By Dennis Abrams
The shortlist for the 2013 International Prize for Arabic Fiction was announced yesterday in Tunis, Tunisia, with books covering topics that might be surprising to non-Arabic readers, including religious extremism, intolerance, the split between thought and behavior in the contemporary Arab personality, the frustrations felt by Arab women and their inability to break through social barriers, as well as generally bringing to light the corrupt reality and hypocrisy that can be found throughout the region on social, religious, political and sexual levels.
The six shortlisted books are:
- Ave Maria by Sinan Antoon, Iraq, published by Al-Jamal
- I, She and Other Women, by Jana Elhassan, Lebanon, published by Arab Scientific Publishers
- The Beaver by Mohammed Hassan Alwan, Saudi Arabia, published by Dar al-Saqi
- The Bamboo Stick by Saud Alsanousi, Kuwait, published by the Bloomsbury Qatar Foundation
- His Excellency the Minister by Hussein Al-Wad, Tunisia, published by Dar-al-Janub
The Chair of Judges Galal Amin commented on the list, “The members of the committee feel extremely pleased that they were able to select an excellent shortlist of newly written Arabic novels, which bring to the fore several evolving talents around the Arab world. The committee is gratified to note that outstanding creativity is common across Arab countries and generations of writers.”
And Jonathan Taylor, Chair of the Board of Trustees, added: “We’re delighted to welcome and honour six new writers for the Prize. Their works have been selected by our Judges for their outstanding quality and it is a great pleasure to be able to bring them to the attention now of a wider Arabic audience and, in due course, to international readership.”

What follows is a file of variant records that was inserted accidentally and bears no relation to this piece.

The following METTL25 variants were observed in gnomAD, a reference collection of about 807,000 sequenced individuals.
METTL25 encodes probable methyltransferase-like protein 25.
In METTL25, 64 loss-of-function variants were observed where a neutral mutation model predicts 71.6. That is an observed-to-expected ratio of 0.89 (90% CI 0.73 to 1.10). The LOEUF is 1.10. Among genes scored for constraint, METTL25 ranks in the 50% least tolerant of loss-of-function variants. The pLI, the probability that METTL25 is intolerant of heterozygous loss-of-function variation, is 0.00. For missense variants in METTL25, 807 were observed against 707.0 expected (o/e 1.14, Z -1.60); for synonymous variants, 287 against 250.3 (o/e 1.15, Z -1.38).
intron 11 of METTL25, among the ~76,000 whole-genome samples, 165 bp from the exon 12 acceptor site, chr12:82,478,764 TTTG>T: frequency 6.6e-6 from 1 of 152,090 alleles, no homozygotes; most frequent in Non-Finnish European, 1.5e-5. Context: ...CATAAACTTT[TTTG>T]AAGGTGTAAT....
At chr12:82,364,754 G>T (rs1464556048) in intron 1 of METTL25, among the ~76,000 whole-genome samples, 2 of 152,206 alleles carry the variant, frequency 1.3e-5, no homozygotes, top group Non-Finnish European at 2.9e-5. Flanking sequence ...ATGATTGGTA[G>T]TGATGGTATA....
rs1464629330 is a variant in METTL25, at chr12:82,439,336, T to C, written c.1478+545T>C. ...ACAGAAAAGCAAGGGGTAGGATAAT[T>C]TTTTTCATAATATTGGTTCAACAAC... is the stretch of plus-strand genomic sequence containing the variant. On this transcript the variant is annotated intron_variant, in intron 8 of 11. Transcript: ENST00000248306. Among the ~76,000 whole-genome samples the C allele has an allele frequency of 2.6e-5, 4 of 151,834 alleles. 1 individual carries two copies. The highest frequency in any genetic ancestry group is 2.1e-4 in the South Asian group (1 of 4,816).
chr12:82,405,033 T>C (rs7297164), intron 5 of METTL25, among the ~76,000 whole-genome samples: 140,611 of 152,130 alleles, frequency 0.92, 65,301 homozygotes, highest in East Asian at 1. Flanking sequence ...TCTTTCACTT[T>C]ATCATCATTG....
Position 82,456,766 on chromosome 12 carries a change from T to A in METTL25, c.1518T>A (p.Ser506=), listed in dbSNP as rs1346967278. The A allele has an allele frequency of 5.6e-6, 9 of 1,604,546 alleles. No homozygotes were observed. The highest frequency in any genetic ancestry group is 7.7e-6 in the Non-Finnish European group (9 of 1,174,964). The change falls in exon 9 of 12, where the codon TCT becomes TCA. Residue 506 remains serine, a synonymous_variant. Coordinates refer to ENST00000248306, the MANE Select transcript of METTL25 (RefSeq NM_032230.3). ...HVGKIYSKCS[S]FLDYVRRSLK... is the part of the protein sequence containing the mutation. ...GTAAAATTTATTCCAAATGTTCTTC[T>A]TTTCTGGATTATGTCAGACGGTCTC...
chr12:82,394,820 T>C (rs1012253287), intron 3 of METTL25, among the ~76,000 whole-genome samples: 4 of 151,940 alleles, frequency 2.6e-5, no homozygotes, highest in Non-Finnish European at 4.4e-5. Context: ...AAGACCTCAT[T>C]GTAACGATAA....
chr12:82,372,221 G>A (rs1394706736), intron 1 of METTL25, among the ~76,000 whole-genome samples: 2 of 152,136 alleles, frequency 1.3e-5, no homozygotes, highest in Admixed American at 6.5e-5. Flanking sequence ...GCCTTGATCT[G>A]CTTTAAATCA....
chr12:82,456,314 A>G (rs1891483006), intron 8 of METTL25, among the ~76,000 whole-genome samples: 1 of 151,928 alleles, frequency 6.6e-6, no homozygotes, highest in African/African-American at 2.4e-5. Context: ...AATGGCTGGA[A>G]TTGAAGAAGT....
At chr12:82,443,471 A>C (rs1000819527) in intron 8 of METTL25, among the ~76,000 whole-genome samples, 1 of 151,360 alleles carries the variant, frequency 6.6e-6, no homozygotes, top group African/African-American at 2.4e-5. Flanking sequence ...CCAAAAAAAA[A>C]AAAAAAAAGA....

On the other hand, M. Lynx Qualey, on her Arabic Literature weblog Arab Literature (in English), while pleased that the judges did not go for the more widely known and acclaimed authors on the longlist, noted that, “In general, the shortlist seems to emphasize page-turning novels over more experimental works, which is a criticism that has been levied at the English-language Booker Prize (more than once). Indeed, judging chair Galal Amin is himself an author who puts accessibility at the forefront of his project. Amin also has been criticized for being conservative by those who remember his attack on Mohammad Choukri’s For Bread Alone, a book here defended by Naguib Mahfouz.”
The six shortlisted titles were chosen from an initial longlist of 16, that were announced last month. The novels were selected from 133 entries from 15 countries, published over the last twelve months. The winner will be announced at an awards ceremony in Abu Dhabi on April 23, 2013, on the eve of the Abu Dhabi International Book Fair.
An English translation of the winning novel is guaranteed, and all five previous winners of the Prize received English publishing deals for their novels.
For further information about the prize and the shortlisted novels, click here.